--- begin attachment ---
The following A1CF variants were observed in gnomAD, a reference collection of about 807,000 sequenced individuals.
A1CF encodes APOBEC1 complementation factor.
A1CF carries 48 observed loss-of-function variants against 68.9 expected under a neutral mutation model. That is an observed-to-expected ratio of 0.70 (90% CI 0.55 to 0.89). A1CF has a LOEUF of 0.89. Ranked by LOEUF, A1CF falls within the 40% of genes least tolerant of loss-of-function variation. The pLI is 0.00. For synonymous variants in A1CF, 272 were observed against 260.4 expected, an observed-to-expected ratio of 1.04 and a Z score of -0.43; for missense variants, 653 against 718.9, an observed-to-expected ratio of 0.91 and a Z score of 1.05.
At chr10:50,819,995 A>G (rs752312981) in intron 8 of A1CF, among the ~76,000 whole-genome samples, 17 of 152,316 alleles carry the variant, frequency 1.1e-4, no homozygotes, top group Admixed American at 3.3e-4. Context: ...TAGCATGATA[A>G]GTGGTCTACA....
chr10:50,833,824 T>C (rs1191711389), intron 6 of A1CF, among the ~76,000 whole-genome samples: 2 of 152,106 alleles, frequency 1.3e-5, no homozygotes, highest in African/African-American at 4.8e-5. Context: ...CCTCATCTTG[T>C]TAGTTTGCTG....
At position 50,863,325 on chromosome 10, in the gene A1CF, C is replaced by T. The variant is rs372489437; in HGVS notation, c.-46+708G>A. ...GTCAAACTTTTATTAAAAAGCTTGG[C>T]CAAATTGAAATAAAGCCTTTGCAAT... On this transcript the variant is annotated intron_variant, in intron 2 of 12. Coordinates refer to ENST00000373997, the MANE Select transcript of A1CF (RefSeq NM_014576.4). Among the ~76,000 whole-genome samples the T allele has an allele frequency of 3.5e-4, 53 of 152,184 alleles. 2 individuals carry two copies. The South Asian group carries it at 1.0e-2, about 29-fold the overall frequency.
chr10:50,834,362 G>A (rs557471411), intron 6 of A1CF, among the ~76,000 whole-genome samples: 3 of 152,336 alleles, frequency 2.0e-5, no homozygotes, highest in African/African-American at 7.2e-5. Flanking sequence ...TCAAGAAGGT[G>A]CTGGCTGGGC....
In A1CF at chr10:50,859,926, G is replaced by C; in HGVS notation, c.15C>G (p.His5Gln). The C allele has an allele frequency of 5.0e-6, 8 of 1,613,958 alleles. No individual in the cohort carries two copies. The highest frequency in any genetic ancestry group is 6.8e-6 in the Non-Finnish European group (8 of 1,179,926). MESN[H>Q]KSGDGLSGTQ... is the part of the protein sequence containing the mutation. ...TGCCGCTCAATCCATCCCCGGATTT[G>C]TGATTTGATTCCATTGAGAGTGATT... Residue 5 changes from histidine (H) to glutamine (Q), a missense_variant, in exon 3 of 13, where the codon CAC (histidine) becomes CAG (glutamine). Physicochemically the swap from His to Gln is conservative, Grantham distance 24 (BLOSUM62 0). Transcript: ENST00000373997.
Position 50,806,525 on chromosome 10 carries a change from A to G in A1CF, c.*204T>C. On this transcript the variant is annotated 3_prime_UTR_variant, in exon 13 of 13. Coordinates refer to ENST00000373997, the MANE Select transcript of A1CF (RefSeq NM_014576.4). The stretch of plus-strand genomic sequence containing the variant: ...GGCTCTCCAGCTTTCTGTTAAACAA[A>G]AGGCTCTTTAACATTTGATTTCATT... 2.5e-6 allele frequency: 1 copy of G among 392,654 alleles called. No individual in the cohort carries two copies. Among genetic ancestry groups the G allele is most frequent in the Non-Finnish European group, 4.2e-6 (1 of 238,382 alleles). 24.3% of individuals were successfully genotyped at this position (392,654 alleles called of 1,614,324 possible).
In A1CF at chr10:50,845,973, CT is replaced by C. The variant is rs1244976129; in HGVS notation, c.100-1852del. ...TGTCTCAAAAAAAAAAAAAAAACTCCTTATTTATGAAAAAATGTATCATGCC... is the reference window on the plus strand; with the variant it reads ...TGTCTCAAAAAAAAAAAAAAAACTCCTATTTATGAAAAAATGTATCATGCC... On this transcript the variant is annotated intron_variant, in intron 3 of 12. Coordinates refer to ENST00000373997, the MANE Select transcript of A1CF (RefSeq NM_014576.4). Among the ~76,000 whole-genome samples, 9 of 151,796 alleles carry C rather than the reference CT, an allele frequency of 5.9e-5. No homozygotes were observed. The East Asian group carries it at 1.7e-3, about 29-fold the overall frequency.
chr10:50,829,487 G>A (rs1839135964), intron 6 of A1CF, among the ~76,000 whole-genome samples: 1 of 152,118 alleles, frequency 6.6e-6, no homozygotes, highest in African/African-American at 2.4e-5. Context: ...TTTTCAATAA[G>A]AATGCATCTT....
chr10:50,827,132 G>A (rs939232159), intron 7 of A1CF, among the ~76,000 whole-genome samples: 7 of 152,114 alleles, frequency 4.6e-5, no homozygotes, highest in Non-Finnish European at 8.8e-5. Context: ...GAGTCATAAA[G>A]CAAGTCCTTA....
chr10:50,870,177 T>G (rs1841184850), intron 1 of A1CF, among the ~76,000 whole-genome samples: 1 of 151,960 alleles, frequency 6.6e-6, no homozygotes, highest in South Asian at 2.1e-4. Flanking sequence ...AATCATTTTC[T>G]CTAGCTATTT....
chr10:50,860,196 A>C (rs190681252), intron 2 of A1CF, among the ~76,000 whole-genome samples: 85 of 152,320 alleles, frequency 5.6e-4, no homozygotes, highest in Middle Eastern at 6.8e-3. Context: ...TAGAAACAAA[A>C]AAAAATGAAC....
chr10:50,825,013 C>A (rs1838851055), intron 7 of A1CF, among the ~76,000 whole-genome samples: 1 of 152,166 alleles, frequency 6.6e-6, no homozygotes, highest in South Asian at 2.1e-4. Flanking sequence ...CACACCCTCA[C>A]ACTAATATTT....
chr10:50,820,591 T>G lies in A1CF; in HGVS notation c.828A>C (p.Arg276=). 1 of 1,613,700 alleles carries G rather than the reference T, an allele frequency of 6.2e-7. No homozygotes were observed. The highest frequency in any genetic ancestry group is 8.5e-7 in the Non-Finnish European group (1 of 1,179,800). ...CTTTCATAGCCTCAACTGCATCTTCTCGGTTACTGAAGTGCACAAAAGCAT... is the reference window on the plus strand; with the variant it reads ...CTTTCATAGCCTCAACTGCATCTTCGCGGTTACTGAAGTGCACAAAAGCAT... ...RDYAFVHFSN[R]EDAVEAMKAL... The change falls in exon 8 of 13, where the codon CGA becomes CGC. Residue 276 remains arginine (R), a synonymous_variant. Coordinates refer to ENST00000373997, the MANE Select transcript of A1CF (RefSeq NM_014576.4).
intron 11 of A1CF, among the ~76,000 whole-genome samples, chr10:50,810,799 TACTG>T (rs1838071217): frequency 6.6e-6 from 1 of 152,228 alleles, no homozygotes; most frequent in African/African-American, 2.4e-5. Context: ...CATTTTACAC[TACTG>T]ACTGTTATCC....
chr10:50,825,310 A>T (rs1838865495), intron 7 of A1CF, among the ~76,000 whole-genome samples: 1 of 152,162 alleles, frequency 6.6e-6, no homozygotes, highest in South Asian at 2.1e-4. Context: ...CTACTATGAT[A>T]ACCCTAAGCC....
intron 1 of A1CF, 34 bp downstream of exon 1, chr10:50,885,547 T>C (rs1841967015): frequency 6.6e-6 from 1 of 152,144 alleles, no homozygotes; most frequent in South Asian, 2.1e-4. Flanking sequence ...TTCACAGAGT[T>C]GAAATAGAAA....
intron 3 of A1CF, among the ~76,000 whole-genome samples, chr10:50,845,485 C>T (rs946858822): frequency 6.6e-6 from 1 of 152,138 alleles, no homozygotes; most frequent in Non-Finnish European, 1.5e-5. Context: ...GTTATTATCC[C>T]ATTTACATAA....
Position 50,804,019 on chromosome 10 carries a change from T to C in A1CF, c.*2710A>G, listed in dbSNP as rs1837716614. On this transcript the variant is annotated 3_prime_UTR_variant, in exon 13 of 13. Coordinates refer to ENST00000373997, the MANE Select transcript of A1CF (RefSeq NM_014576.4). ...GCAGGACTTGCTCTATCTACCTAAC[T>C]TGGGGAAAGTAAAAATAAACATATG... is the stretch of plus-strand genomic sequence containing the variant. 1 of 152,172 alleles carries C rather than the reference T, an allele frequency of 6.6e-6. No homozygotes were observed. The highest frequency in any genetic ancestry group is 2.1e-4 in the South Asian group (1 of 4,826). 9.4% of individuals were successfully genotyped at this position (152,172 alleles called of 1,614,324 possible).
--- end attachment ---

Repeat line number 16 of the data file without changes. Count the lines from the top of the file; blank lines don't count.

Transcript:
chr10:50,820,591 T>G lies in A1CF; in HGVS notation c.828A>C (p.Arg276=). 1 of 1,613,700 alleles carries G rather than the reference T, an allele frequency of 6.2e-7. No homozygotes were observed. The highest frequency in any genetic ancestry group is 8.5e-7 in the Non-Finnish European group (1 of 1,179,800). ...CTTTCATAGCCTCAACTGCATCTTCTCGGTTACTGAAGTGCACAAAAGCAT... is the reference window on the plus strand; with the variant it reads ...CTTTCATAGCCTCAACTGCATCTTCGCGGTTACTGAAGTGCACAAAAGCAT... ...RDYAFVHFSN[R]EDAVEAMKAL... The change falls in exon 8 of 13, where the codon CGA becomes CGC. Residue 276 remains arginine (R), a synonymous_variant. Coordinates refer to ENST00000373997, the MANE Select transcript of A1CF (RefSeq NM_014576.4).